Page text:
India realized that its initial stand off policy only ensured a growing Chinese clout in Rangoon that was not to its interests. India did a strategic rethink of its Burma policy in 1998. It began to cultivate generals in the ruling junta. It discussed plans to build a port in the Burmese province of Arakan. India proposed a highway between Shillong and Bangkok to open up India's north east. It explored ideas to link the Brahmaputra and Mekong rivers, and to connect the landlocked Indian state of Mizoram with the sea. India clamped down on Burmese insurgent groups based in Mizoram. It successfully elicited Burmese cooperation to close down Naga and Meithei rebel bases in its territory. India followed China's interest in the development of Burmese off-shore petroleum resources.

Western sanctions have failed to weaken the military. India has no option but to continue engaging Burma's dictators to ensure that the Chinese do not monopolize that country's geostrategic assets. India to this end should endeavor to constructively mediate between the Burmese military and the leaders of the democratic movement. Any other policy would be to its own peril.

Sunday, November 13, 2005

The Dilemma in Sindh

Sindh, a province of 54,400 square miles and a population of 35 million, is relatively quiet today. However, a revival of the regionalist Jiye-Sindh movement can be a nuisance to Pakistan. Sindh is a ethnically heterogenous province today, which explains the failure of an ethnic Sindhi nationalism. This said, the inadvertent marginalization of the Sindhis and Mohajirs can backfire. Sindhis comprise 12% of Pakistan while the Mohajirs constitute 8%. Both dominate the province of Sindh.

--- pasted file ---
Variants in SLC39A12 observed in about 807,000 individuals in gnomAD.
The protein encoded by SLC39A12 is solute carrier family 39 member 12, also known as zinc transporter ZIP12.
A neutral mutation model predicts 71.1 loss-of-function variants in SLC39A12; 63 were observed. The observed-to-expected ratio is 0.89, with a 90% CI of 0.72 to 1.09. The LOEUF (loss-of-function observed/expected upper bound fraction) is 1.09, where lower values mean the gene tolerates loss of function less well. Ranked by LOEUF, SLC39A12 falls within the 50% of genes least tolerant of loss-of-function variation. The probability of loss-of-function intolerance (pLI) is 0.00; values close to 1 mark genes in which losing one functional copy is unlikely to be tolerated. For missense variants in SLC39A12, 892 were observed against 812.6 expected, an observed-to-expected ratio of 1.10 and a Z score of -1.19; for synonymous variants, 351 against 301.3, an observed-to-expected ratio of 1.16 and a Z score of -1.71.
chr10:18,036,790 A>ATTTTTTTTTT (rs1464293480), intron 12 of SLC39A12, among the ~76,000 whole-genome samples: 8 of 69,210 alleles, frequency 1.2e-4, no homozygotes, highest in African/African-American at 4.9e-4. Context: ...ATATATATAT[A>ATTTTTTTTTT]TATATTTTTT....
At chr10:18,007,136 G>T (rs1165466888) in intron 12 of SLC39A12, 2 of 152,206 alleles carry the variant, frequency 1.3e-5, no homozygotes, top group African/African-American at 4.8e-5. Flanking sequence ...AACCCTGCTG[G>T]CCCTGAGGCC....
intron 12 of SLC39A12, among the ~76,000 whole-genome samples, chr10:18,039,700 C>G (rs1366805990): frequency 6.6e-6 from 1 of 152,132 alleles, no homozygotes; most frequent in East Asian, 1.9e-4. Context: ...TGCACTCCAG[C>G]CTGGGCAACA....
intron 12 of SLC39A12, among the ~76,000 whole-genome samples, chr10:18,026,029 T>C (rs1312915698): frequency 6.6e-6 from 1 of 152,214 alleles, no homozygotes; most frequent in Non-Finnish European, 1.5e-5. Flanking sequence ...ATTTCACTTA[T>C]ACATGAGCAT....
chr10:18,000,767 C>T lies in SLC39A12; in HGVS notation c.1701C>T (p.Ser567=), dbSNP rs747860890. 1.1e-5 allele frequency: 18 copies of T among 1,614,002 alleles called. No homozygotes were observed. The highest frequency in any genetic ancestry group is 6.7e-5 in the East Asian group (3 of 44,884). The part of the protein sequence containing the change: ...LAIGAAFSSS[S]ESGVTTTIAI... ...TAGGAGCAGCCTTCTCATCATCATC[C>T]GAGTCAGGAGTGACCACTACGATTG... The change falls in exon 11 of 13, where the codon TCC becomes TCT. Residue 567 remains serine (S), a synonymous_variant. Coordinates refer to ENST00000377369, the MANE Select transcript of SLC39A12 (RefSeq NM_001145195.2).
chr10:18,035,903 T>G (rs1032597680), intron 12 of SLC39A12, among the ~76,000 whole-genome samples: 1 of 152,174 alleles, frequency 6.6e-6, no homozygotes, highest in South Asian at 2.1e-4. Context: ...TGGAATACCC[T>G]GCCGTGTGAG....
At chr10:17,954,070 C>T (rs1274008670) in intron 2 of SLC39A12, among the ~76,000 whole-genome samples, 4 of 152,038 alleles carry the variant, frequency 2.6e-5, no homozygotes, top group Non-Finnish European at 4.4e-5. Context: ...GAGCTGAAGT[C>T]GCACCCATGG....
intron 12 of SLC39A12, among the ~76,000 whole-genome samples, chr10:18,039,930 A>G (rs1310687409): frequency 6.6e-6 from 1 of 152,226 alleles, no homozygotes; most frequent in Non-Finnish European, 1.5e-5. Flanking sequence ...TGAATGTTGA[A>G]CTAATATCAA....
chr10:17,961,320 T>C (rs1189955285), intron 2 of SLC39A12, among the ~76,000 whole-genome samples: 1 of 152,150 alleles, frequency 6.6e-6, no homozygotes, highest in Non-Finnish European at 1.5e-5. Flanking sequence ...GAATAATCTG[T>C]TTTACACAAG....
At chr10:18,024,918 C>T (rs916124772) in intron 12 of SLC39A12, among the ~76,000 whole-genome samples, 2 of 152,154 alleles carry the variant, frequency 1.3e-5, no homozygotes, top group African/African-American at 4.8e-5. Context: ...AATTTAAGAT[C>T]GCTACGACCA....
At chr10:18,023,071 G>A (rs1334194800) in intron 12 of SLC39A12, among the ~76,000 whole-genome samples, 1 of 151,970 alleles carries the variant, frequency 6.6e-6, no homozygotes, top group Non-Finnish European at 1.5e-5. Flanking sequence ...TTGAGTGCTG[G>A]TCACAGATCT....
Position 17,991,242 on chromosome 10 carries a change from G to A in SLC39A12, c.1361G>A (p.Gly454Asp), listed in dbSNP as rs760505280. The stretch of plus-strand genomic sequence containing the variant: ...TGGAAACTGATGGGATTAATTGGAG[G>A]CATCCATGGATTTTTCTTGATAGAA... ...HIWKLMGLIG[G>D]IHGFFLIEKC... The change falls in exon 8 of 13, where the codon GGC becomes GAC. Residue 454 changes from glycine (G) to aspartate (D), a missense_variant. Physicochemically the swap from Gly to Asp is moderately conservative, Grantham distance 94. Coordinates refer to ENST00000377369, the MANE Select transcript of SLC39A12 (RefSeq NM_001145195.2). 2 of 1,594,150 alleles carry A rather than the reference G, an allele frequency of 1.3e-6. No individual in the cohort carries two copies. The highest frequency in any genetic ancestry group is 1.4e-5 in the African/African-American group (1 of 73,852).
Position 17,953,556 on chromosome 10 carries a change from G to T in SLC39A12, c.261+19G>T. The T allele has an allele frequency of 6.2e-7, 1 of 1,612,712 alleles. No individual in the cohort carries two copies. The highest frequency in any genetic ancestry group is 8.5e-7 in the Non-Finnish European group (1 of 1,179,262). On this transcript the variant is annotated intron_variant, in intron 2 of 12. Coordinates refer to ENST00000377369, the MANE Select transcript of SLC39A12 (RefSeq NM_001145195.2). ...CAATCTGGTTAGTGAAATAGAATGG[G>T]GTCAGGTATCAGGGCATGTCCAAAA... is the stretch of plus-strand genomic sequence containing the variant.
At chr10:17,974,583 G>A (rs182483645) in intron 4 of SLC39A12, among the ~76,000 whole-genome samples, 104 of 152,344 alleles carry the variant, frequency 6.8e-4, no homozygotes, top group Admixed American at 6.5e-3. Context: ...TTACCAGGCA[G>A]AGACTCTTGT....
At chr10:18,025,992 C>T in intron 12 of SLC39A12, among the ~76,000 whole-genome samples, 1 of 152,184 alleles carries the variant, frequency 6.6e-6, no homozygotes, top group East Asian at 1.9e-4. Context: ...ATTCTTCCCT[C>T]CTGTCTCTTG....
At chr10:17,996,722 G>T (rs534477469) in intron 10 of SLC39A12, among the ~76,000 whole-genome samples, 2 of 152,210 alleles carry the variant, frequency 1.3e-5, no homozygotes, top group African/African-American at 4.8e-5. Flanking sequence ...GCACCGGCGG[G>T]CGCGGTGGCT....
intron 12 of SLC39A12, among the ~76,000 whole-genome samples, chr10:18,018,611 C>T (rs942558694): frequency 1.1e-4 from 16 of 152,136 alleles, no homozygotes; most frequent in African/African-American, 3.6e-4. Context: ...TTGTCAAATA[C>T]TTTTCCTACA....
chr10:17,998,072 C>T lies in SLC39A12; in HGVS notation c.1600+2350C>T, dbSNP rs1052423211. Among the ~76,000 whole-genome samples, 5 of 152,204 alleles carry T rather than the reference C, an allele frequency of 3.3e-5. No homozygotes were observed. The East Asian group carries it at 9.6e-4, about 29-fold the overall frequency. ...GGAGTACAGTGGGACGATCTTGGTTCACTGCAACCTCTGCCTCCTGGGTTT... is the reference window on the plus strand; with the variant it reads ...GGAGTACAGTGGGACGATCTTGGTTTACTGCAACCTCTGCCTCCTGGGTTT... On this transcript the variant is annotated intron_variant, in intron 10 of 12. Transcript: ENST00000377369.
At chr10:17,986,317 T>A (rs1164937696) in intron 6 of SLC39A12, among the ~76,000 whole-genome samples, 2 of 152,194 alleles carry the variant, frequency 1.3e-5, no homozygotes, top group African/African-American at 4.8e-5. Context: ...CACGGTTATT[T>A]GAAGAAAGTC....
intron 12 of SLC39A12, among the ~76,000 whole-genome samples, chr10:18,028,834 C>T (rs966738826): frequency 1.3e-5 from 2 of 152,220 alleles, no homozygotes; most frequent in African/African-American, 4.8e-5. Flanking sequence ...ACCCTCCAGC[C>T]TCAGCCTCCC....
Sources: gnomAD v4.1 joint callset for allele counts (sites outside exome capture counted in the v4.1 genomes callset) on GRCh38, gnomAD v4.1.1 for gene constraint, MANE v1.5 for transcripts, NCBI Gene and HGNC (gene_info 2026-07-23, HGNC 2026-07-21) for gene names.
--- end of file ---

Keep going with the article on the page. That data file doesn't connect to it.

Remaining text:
Sindh, alone of the regions in Pakistan, has a history of political independence and a developed indigenous language. A Sindhi nationalist would claim that "Sindh is an eternal verity, Pakistan a transient super-imposition". Home to Mohenjo-daro the epicenter of the Indus valley civilization, Sindh marked the beginnings of urbanized civilization in the Indian subcontinent. The Vedas referred to the region as "Sindhu" which was home to Jayadratha of the Mahabharata. Sindh became the richest province of the Persian Achaemenid empire in the 6th century BC. The Arabs occupied it in the 8th century AD and a fusion of cultures developed, the direct precursor of contemporary Sindhi identity. There was then a succession of native dynasties in Sindh i.e. the Soomra, Arghun, Turkhan and Talpurs not to mention rule from Delhi. Sindh has a rich literature where Indic folk romances were reworked to convey a Sufi theme.